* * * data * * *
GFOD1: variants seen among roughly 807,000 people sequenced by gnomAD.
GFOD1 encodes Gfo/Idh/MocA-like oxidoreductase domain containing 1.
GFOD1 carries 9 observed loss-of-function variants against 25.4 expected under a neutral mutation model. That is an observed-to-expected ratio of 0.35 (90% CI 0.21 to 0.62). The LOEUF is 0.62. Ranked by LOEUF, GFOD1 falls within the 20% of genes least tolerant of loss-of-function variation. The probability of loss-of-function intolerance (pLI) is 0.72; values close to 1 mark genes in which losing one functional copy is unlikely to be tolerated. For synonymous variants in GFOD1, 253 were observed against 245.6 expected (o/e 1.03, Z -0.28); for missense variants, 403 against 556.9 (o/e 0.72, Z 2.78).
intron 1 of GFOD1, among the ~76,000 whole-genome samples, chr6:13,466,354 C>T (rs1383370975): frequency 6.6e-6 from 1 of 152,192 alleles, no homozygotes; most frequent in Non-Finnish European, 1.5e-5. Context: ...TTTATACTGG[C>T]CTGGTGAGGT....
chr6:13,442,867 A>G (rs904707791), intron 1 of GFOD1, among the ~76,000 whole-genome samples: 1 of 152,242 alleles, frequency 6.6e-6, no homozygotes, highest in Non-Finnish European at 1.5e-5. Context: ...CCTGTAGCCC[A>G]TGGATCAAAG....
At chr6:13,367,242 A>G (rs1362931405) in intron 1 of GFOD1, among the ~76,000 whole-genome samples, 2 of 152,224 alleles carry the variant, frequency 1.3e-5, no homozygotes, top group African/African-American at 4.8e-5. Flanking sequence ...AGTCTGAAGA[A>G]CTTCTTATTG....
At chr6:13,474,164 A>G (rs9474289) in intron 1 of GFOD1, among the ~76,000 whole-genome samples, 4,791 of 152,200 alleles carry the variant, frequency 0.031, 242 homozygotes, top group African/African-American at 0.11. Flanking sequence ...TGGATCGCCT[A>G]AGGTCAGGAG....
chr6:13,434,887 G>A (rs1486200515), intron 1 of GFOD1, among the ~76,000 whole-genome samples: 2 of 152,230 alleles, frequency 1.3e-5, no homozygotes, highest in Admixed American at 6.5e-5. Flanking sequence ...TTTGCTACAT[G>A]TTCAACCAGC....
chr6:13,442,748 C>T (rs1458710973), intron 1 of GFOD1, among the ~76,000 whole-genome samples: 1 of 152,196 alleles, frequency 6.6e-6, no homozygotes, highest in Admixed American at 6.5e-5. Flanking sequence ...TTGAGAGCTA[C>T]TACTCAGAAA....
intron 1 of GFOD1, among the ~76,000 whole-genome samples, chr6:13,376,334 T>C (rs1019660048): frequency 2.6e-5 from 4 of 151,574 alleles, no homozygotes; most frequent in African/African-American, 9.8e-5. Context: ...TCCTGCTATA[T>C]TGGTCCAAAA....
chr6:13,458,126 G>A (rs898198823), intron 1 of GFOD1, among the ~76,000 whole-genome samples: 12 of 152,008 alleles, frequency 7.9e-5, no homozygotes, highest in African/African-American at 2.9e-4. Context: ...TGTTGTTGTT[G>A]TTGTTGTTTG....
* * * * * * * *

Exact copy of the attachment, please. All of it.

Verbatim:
GFOD1: variants seen among roughly 807,000 people sequenced by gnomAD.
GFOD1 encodes Gfo/Idh/MocA-like oxidoreductase domain containing 1.
GFOD1 carries 9 observed loss-of-function variants against 25.4 expected under a neutral mutation model. That is an observed-to-expected ratio of 0.35 (90% CI 0.21 to 0.62). The LOEUF is 0.62. Ranked by LOEUF, GFOD1 falls within the 20% of genes least tolerant of loss-of-function variation. The probability of loss-of-function intolerance (pLI) is 0.72; values close to 1 mark genes in which losing one functional copy is unlikely to be tolerated. For synonymous variants in GFOD1, 253 were observed against 245.6 expected (o/e 1.03, Z -0.28); for missense variants, 403 against 556.9 (o/e 0.72, Z 2.78).
intron 1 of GFOD1, among the ~76,000 whole-genome samples, chr6:13,466,354 C>T (rs1383370975): frequency 6.6e-6 from 1 of 152,192 alleles, no homozygotes; most frequent in Non-Finnish European, 1.5e-5. Context: ...TTTATACTGG[C>T]CTGGTGAGGT....
chr6:13,442,867 A>G (rs904707791), intron 1 of GFOD1, among the ~76,000 whole-genome samples: 1 of 152,242 alleles, frequency 6.6e-6, no homozygotes, highest in Non-Finnish European at 1.5e-5. Context: ...CCTGTAGCCC[A>G]TGGATCAAAG....
At chr6:13,367,242 A>G (rs1362931405) in intron 1 of GFOD1, among the ~76,000 whole-genome samples, 2 of 152,224 alleles carry the variant, frequency 1.3e-5, no homozygotes, top group African/African-American at 4.8e-5. Flanking sequence ...AGTCTGAAGA[A>G]CTTCTTATTG....
At chr6:13,474,164 A>G (rs9474289) in intron 1 of GFOD1, among the ~76,000 whole-genome samples, 4,791 of 152,200 alleles carry the variant, frequency 0.031, 242 homozygotes, top group African/African-American at 0.11. Flanking sequence ...TGGATCGCCT[A>G]AGGTCAGGAG....
chr6:13,434,887 G>A (rs1486200515), intron 1 of GFOD1, among the ~76,000 whole-genome samples: 2 of 152,230 alleles, frequency 1.3e-5, no homozygotes, highest in Admixed American at 6.5e-5. Flanking sequence ...TTTGCTACAT[G>A]TTCAACCAGC....
chr6:13,442,748 C>T (rs1458710973), intron 1 of GFOD1, among the ~76,000 whole-genome samples: 1 of 152,196 alleles, frequency 6.6e-6, no homozygotes, highest in Admixed American at 6.5e-5. Flanking sequence ...TTGAGAGCTA[C>T]TACTCAGAAA....
intron 1 of GFOD1, among the ~76,000 whole-genome samples, chr6:13,376,334 T>C (rs1019660048): frequency 2.6e-5 from 4 of 151,574 alleles, no homozygotes; most frequent in African/African-American, 9.8e-5. Context: ...TCCTGCTATA[T>C]TGGTCCAAAA....
chr6:13,458,126 G>A (rs898198823), intron 1 of GFOD1, among the ~76,000 whole-genome samples: 12 of 152,008 alleles, frequency 7.9e-5, no homozygotes, highest in African/African-American at 2.9e-4. Context: ...TGTTGTTGTT[G>A]TTGTTGTTTG....